Sheep and goat in Turkey make important contributions to the meat and milk output of the country. The annual production figures for meat obtained from sheep and goats are given in Table 4.3, and those for sheep and goat milk in Table 4.4.
Figure 4.1. distribution of Sheep Breeds in Turkey
Figure 4.2. distribution of Goat Breeds in Turkey
In 1983, respectively 303 and 130 thousand tons of meat were obtained from the slaughterings in the country of sheep and goats. Total indigenous sheep and goat meat production in the same year, which includes the meat equivalent of exported live animal, was 468 housand tons; it corresponds to 47.6 percent of total indigenous meat produced in the country.
In the same year sheep milk production was 1 300 thousand tons and goat milk production was 636 thousand tons, these correspondio to 21.2 and 10.7 percent of the total niilk production of the country in that year. Over the period from 1969 to 1983 goat milk production remained fairly constant, while sheep milk production increased about 50 percent; this increase in sheep milk production is mainly associated with the increases in the sheep numbers. However, the proportion of sheep milk in the total milk production increased slightly during this period, while that of goat milk showed a considerable reduction. The contribution of these two species together to the milk output of the country is still at a high level (32.6 percent in 1983).
Table 4.3. Annual production of sheep and goat meat in Turkey
|Total meat Indigenous||Sheep meat Slaught.||Goat meat Slaught.||Sheep and Goat meat, Indigenous|
|Years||1000 tons||1000 tons||1000 tons||1000 tons||percent|
Source: FAO (1978 and 1984).
Table 4.4. Annual production of sheep and goat milk in Turkey.
|Total milk||Sheep milk||Goat milk|
|Years||1000 tons||1000 ton||s percent||1000 tons||percent|
|1981||5 608||1 176||21.0||612||10.9|
|1983||5 926||1 300||21.9||636||10.7|
Source; FAO (1978 and 1984).
The greatest part of the wool produced by the sheep in Turkey is of coarse-wool type; most of it is used in the carpet industry. Mohair produced by Angora goats is a valuable textile fiber and an important export commodity. These species also provide skins needed by the growing leather industry of the country. Production figures for these items are given in Table 4.5.
Table 4.5. Annual production of wool, mohair, hair and fresh skins (in tons)
|Greasy||Greasy||Fresh Sheep||Fresh Goat|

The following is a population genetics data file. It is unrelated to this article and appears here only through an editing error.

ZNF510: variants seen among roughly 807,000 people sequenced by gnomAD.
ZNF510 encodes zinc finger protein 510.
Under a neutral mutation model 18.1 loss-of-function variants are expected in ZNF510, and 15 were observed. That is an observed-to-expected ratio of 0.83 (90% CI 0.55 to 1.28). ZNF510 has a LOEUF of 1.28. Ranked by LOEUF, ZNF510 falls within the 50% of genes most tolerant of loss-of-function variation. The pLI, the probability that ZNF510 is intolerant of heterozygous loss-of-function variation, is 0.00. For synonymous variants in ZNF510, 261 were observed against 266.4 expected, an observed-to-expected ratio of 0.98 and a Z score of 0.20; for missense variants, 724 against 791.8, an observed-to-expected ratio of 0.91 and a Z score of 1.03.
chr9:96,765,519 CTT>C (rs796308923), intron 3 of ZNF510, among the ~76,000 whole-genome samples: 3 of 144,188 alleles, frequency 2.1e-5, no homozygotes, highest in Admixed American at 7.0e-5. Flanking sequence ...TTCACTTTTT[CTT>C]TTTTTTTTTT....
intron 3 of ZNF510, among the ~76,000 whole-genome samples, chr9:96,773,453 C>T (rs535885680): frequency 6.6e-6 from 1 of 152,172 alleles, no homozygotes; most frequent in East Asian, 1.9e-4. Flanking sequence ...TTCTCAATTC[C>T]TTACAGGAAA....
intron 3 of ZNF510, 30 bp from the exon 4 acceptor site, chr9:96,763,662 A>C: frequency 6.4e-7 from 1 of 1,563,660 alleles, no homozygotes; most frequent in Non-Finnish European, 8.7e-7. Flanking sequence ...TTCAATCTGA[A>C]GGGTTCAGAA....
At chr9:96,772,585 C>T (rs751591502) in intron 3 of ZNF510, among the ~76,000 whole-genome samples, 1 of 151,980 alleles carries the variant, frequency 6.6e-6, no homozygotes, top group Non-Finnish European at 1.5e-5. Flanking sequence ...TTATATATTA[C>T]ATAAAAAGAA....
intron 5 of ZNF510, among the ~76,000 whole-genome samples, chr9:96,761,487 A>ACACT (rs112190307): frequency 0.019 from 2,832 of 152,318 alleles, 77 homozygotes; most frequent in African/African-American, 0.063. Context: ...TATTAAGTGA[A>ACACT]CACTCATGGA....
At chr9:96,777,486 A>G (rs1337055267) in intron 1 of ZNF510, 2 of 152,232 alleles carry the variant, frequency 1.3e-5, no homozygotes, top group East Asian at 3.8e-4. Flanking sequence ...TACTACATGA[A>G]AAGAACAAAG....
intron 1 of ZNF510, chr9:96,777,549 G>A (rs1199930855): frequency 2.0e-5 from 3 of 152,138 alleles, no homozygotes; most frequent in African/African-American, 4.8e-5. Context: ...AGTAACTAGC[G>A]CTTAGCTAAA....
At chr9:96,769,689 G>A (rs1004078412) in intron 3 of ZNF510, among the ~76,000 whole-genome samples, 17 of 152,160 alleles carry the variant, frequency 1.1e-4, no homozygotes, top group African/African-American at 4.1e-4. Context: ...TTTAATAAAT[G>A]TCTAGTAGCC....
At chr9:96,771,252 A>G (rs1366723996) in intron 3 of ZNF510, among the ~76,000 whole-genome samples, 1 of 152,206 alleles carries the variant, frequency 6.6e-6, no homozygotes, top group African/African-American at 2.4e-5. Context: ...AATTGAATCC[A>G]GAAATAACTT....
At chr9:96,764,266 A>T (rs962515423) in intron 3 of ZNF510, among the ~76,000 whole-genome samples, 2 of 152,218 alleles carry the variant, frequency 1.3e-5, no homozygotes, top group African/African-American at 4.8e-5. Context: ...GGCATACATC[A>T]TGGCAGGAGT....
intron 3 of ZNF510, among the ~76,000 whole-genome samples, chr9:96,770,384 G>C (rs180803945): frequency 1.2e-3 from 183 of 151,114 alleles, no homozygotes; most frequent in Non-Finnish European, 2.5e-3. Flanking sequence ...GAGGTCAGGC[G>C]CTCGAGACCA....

|Years||Wool (1)||Mohair (1)||Hair (1)||Skins (2)||Skins (2)|
|1969–71||42 207||6 873||8 820||48 642||13 274|
|1974–76||53 213||5 563||8 932||69 737||9 765|
|1981||62 310||6 085||8 960||63 871||8 338|
|1983||62 260||4 580||8 625||67 200||13 200|
Sources: (1). SIS (1984).
(2). FAO (1978 and 1984).
Milk, wool and skins obtained from sheep and goats are used almost completely for domestic purposes. Part of the mutton and lamb, live sheep and goats and of the mohair produced in the country are exported. Exported quantities and export values of these items are given in Table 4.6.
Table 4.6. Exports of the main sheep and goat products from Turkey
|Live Sheep||Live Goats||Mutton+Lamb||Mohair|
|1981||1 608 592||210 267||24 711||3 690|
|1982||2 006 904||446 923||44 372||4 254|
|1983||2 070 430||497 654||44 681||4 346|
|1984||2 117 614||486 282||51 878||----|
|Live Sheep||Live Goats||Mutton+Lamb||Mohair|
|Year||(million $)||(million $)||(million $)||(Million $)|
Source: DTFT, 1985.
Live sheep and goats are mainly exported to Saudi Arabia, Jordan, Lebanon, Libya, Kuwait and Dubai, and mutton and lamb to Iran, Algeria, Iraq as well as to the above Near Eastern countries.
With the exception of fine-wool, importation of sheep and goat products into Turkey is negligible. About 20–25 percent of the greasy fine-wool required by the textile industry is produced within the country. and the remaining 75–80 percent is imported. During the years 1981–1984, quantities of fine-wool (mostly greasy) annually imported into the country varied from 8.0 to 14.4 thousand tons. (SIS, 1985).